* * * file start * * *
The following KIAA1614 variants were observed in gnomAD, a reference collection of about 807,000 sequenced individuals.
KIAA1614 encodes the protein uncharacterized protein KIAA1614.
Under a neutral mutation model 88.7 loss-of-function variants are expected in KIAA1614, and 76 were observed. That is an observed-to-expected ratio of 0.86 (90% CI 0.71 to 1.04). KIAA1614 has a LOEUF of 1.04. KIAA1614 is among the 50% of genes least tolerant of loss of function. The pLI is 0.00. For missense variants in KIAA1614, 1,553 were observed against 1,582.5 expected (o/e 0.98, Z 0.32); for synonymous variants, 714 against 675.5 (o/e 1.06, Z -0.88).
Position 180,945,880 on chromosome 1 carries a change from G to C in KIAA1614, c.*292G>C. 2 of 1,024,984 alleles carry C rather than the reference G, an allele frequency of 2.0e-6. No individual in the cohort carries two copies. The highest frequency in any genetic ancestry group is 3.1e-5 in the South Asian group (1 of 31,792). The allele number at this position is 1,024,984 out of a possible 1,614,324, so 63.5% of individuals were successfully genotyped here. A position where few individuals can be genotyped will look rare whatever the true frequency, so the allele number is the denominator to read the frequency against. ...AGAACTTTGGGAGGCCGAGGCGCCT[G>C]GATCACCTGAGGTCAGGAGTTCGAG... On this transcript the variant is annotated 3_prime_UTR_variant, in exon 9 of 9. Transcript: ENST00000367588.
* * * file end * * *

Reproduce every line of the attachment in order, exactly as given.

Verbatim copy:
The following KIAA1614 variants were observed in gnomAD, a reference collection of about 807,000 sequenced individuals.
KIAA1614 encodes the protein uncharacterized protein KIAA1614.
Under a neutral mutation model 88.7 loss-of-function variants are expected in KIAA1614, and 76 were observed. That is an observed-to-expected ratio of 0.86 (90% CI 0.71 to 1.04). KIAA1614 has a LOEUF of 1.04. KIAA1614 is among the 50% of genes least tolerant of loss of function. The pLI is 0.00. For missense variants in KIAA1614, 1,553 were observed against 1,582.5 expected (o/e 0.98, Z 0.32); for synonymous variants, 714 against 675.5 (o/e 1.06, Z -0.88).
Position 180,945,880 on chromosome 1 carries a change from G to C in KIAA1614, c.*292G>C. 2 of 1,024,984 alleles carry C rather than the reference G, an allele frequency of 2.0e-6. No individual in the cohort carries two copies. The highest frequency in any genetic ancestry group is 3.1e-5 in the South Asian group (1 of 31,792). The allele number at this position is 1,024,984 out of a possible 1,614,324, so 63.5% of individuals were successfully genotyped here. A position where few individuals can be genotyped will look rare whatever the true frequency, so the allele number is the denominator to read the frequency against. ...AGAACTTTGGGAGGCCGAGGCGCCT[G>C]GATCACCTGAGGTCAGGAGTTCGAG... On this transcript the variant is annotated 3_prime_UTR_variant, in exon 9 of 9. Transcript: ENST00000367588.